I never expected to cry over a lost suitcase, but, this is exactly what I did when the airline told me that one of my 8 suitcases had gone missing. Now, this may sound like a lot of baggage to drag anywhere… until I tell you that these 8 bags held everything that I owned.
Clothes and accessories? Check. Makeup? Check. Those watercolor fish books from my son’s 2nd grade class that I just couldn’t bring myself to throw away despite the extreme lack of space in my suitcases? Check!
So, there I was, sitting on a hot pink plastic suitcase, listening to the nice woman with British Airways telling me that more than 10% of everything I owned in the world had gone missing. It didn’t matter that it would probably reappear in a day or two.
All that I could think about at the time was “How did it come to this? How, after a life of such abundance, could I be sitting in Heathrow airport with a handful of shiny plastic boxes to my name?”
I couldn’t have known at the time that this extreme downsizing experience would change my life for the better. And, I could not have predicted that losing one of my 8 remaining suitcases would set of a chain of events that would bring me to a better understanding of myself and the people in my life. But, this was exactly what happened!
Looking back at my life before family issues and the Great Recession conspired to shrink my possessions by a factor of 10, it is clear that I valued “stuff” way too much!
I lived in 6-bedroom house in Seattle with a massive garden and 3 cars in the driveway. Every morning, I would sit in the living room and watch the news on my 70-inch TV. I had 20 coffee cups to choose from and a dozen variations of coffee to put in them. I had a music room filled with instruments that no-one in my family used and a library with books that nobody read.
I’m not saying that I had a bad life… far from it. It’s just that, though I didn’t realize it at the time, the stuff in my life distracted me from the good stuff.
So, where am I now? I am writing this article from my 500 square foot apartment in Switzerland. Next to me, my favorite handmade mug (one of 2 that I own) sits on the desk, sending the aroma of dark roast coffee into the room.
I have exactly 2 forks, 2 knives, 2 plates and 2 glasses in my kitchen. I have one frying pan. Everything in my home has been chosen with care and has its own story. And, you know what?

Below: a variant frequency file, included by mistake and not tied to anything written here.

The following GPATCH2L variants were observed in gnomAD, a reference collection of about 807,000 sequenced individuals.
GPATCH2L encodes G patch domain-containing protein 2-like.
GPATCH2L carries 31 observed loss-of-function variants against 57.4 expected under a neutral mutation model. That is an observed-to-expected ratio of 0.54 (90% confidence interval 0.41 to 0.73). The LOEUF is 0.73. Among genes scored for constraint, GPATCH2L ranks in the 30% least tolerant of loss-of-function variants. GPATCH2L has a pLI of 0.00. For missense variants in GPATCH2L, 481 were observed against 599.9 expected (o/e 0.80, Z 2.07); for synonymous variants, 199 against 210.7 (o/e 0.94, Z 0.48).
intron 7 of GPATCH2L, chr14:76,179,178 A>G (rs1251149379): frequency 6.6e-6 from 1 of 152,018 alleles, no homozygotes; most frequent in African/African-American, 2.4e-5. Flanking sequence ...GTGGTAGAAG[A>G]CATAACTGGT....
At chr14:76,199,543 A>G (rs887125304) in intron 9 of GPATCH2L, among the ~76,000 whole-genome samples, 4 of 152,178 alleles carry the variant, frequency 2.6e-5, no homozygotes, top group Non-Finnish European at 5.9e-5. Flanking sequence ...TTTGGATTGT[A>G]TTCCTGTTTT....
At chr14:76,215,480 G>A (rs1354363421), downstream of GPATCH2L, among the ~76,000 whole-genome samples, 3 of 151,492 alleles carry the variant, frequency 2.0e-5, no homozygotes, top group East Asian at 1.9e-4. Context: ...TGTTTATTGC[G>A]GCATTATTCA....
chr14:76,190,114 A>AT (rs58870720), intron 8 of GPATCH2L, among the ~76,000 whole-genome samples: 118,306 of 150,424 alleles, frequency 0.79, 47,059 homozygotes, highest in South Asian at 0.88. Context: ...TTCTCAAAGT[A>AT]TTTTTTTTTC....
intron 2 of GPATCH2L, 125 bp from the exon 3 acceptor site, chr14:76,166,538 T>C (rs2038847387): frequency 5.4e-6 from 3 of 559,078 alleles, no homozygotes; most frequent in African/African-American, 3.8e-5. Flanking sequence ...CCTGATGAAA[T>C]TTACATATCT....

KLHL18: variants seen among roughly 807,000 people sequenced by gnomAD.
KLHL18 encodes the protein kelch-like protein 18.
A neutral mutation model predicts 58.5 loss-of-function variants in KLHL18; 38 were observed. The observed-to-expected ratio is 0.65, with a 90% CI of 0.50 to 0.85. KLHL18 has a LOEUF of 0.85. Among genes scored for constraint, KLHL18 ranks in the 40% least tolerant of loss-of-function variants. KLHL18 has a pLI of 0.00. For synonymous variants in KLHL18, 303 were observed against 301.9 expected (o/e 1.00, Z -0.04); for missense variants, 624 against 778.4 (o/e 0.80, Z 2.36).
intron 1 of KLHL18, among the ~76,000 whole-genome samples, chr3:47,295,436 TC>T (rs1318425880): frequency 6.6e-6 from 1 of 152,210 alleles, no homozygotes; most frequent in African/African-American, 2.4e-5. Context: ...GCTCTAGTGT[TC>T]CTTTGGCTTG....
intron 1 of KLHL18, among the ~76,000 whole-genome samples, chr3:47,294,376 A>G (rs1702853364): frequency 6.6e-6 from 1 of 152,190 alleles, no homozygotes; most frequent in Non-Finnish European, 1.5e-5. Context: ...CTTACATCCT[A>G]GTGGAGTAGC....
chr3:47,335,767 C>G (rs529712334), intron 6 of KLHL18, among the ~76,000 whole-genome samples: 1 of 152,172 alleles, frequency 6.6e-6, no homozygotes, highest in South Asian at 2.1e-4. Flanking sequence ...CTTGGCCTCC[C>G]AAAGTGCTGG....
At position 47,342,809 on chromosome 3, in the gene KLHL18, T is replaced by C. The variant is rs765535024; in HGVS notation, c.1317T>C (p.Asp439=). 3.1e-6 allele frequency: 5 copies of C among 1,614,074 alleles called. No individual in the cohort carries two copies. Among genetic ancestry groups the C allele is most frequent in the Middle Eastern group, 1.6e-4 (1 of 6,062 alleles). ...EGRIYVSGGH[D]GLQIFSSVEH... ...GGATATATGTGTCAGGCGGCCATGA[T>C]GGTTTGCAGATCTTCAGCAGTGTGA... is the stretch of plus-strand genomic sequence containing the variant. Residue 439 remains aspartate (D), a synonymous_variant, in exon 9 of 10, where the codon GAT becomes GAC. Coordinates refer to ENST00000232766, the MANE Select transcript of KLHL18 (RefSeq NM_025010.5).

I have never been happier!
I’m not expecting that you (or anyone else) will follow my example and fly halfway around the world with your life in 8 suitcases. But, since so many people in our community are thinking about downsizing, I thought that I would share a few things that my experience taught me.
Studies have shown that people hate losses about twice as much as they like gains (at least in the stock market!) Perhaps this is one of the reasons that downsizing is so hard! But, what I found through my extreme downsizing experience is that this is not always true in the long term.
Giving up our possessions is emotionally difficult. We think about how much the items cost us when they were new. We relive the memories that are associated with each item. Many of us even fret over whether someone will one day want to inherit our “stuff” even if we no longer have a use for it.
The truth is that being forced to downsize taught me that letting go isn’t about saying “no”; it is about saying “yes.” Let me give you a small example…
When I lived in my house in Seattle, I had dozens of cups. Maybe I thought that I would have just as many granddaughters one day who would all demand an impromptu tea party… who knows?
I didn’t have an emotional connection with any of these containers. Not really. They were just a means to an end; a way to get coffee into my body quickly and efficiently.
Now, I have 2 coffee cups. One has been with me for 30 years. It is a cup that my son made for me when he was in school. The second is a cup that his son, my grandson, and I painted together.